How Do I Change My Registered Agent for My LLC in California?
To change a registered agent in California, business owners may file an updated Statement of Information with the California Secretary of State. The required form, LLC-12, must be completed with the new agent’s information and address, as well as the LLC name and entity number. The form, along with the applicable filing fee may be submitted in person, online or via mail to:
California Secretary of State
P.O. Box 944228
Sacramento, CA 94244-2280
Step 3: LLC Filing Requirements in California
To file for or form an LLC, the company must meet one or all of the following requirements:
- Be doing business in California.
- Be registered with the California Secretary of State (SOS).
If the LLC is foreign and non-registered, it must meet all of the following:
- Treated as a partnership
- Has California source income
- Not doing business in California
LLC Articles of Organization in California
California Articles of Organization (Form LLC-1) is a legal document required to establish an LLC in California. It is typically filed with the Secretary of State and they provide basic information about the LLC, its purpose, management structure and registered agent. In addition to the aforementioned, the form must specify the organizer of the LLC and whether the LLC will be managed by owners or appointed managers.
LLC Operating Agreement in California
A California LLC Operating Agreement outlines the operating procedures for an LLC in the state. It features details regarding the LLC’s management and ownership structure, establishes profit-sharing and loss allocations and outlines the process for adding or removing members. While not required by California state law, an LLC operating agreement is recommended to ensure a clear understanding of the LLC’s operations among its members.
California LLC Statement of Information
An LLC statement of information is an Annual Report or Biennial statement that serves to update the state with the latest information about an LLC. It aids the government in effectively regulating businesses and maintaining public records for taxation and legal compliance.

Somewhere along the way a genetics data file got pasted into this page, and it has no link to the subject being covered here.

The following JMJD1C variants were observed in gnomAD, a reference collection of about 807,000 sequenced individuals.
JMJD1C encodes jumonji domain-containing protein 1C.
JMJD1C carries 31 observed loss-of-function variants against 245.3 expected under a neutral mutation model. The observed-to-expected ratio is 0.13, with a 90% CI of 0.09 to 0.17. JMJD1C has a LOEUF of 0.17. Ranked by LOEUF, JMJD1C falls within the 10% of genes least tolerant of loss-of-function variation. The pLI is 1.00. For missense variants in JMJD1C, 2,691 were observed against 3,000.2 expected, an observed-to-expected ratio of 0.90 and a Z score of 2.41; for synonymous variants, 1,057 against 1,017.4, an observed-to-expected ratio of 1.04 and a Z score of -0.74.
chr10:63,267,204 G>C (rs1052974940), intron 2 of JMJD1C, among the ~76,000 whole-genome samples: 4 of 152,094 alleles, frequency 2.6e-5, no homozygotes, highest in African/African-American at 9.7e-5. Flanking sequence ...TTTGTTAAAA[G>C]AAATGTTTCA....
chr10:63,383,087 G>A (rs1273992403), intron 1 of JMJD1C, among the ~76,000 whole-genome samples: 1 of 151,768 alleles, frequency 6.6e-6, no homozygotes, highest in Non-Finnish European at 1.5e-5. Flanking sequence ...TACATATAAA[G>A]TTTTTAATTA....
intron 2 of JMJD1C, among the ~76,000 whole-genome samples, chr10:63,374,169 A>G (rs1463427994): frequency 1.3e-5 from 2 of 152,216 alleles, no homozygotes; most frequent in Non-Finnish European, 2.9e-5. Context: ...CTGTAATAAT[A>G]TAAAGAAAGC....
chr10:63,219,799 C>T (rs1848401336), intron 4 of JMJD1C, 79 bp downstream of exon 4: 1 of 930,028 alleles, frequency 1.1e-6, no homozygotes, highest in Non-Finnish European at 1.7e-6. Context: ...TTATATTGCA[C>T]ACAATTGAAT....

Do You Need a California Address for LLC?
Yes, California LLCs are typically required to have a principal office address within the state. This address must be listed on the Articles of Organization filed with the Secretary of State. However, where the business does not have a physical location, there are services that can provide a California address for the LLC. These services typically include a registered agent service and a virtual office or mailbox service that can provide an address for the LLC’s legal requirements.
How To Get a Virtual Address for LLC in California
There are several considerations to evaluate when choosing a virtual address for LLC in California. Some virtual address providers often include mail handling services such as mail forwarding, scanning, and package reception. Some also offer meeting room rentals, phone answering services, and coworking spaces that can be a cost effective solution for selected businesses.
After researching virtual mailbox providers, the LLC owner may compare plans and pricing and then sign up for the most suitable plan. It is worth noting that each LLC must have a registered agent with a physical street address in the state, and a virtual address cannot be used for this purpose. However, a virtual address can be used as a replacement for a principal office address.
Step 4: How To File for an LLC in California
Individuals can file for an LLC by mail, or in person at the California Secretary of State (SOS) office.
Mail filers must complete the Articles of Organization – LLC-1 form and Statement of Information (Form LLC-12) and send them to the SOS office. No processing fee is required, but individuals requesting a certified copy of the document must pay $5. Fees should be paid via checks or money orders. All mail should be addressed as follows:
California Secretary of State
Document Filing Support
Po Box 944228
Sacramento CA 94244-2280
In-person submissions should be made during SOS business hours. Filers are required to pay $15 for the handling fee. They would be giving the LLC-1 form to fill out at the office. The SOS office is located at:
California Secretary Of State
1500 11th Street
Sacramento CA 95814
Note that every California and registered foreign LLC must file a Statement of Information with the SOS within 90 days of formation and every 2 years after that during a specific 6-month filing period based on the formation date. In addition to filing the Articles of Incorporation and Statement of Information forms, an LLC must have operating agreements among its members. The operating agreement is not filed with the SOS but is filed at the office where the LLC’s records are kept.
How To Create an LLC Online in California
To form an LLC online in California applicants may:
- Go to the SOS bizfile Online website
- Click the Login button in the upper right corner of the page
- Click Sign Up near the bottom of the page when the Okta screen appears
- Fill in the appropriate information in the fields and click “Register.” For future logins, put the email address as the username.